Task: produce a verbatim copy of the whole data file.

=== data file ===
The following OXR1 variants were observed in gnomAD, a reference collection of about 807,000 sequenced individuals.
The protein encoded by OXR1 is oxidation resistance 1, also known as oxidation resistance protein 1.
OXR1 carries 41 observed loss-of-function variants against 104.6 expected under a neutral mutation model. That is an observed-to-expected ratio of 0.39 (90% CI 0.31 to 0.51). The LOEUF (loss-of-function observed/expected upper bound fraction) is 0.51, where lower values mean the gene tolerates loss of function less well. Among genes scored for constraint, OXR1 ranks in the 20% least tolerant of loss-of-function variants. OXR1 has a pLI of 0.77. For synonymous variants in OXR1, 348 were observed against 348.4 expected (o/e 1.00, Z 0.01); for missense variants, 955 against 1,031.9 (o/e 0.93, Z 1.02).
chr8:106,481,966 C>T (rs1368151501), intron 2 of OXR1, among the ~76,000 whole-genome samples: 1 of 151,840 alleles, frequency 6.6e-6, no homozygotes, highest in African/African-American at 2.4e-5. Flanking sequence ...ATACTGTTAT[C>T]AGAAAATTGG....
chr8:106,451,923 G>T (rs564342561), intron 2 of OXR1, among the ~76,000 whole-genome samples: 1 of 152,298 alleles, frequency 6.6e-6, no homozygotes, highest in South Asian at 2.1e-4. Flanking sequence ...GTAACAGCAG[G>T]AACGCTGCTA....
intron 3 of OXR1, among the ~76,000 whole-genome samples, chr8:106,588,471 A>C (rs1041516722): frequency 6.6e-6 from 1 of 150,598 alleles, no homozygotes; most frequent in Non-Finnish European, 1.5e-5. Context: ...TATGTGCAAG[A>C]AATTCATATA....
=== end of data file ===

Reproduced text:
The following OXR1 variants were observed in gnomAD, a reference collection of about 807,000 sequenced individuals.
The protein encoded by OXR1 is oxidation resistance 1, also known as oxidation resistance protein 1.
OXR1 carries 41 observed loss-of-function variants against 104.6 expected under a neutral mutation model. That is an observed-to-expected ratio of 0.39 (90% CI 0.31 to 0.51). The LOEUF (loss-of-function observed/expected upper bound fraction) is 0.51, where lower values mean the gene tolerates loss of function less well. Among genes scored for constraint, OXR1 ranks in the 20% least tolerant of loss-of-function variants. OXR1 has a pLI of 0.77. For synonymous variants in OXR1, 348 were observed against 348.4 expected (o/e 1.00, Z 0.01); for missense variants, 955 against 1,031.9 (o/e 0.93, Z 1.02).
chr8:106,481,966 C>T (rs1368151501), intron 2 of OXR1, among the ~76,000 whole-genome samples: 1 of 151,840 alleles, frequency 6.6e-6, no homozygotes, highest in African/African-American at 2.4e-5. Flanking sequence ...ATACTGTTAT[C>T]AGAAAATTGG....
chr8:106,451,923 G>T (rs564342561), intron 2 of OXR1, among the ~76,000 whole-genome samples: 1 of 152,298 alleles, frequency 6.6e-6, no homozygotes, highest in South Asian at 2.1e-4. Flanking sequence ...GTAACAGCAG[G>T]AACGCTGCTA....
intron 3 of OXR1, among the ~76,000 whole-genome samples, chr8:106,588,471 A>C (rs1041516722): frequency 6.6e-6 from 1 of 150,598 alleles, no homozygotes; most frequent in Non-Finnish European, 1.5e-5. Context: ...TATGTGCAAG[A>C]AATTCATATA....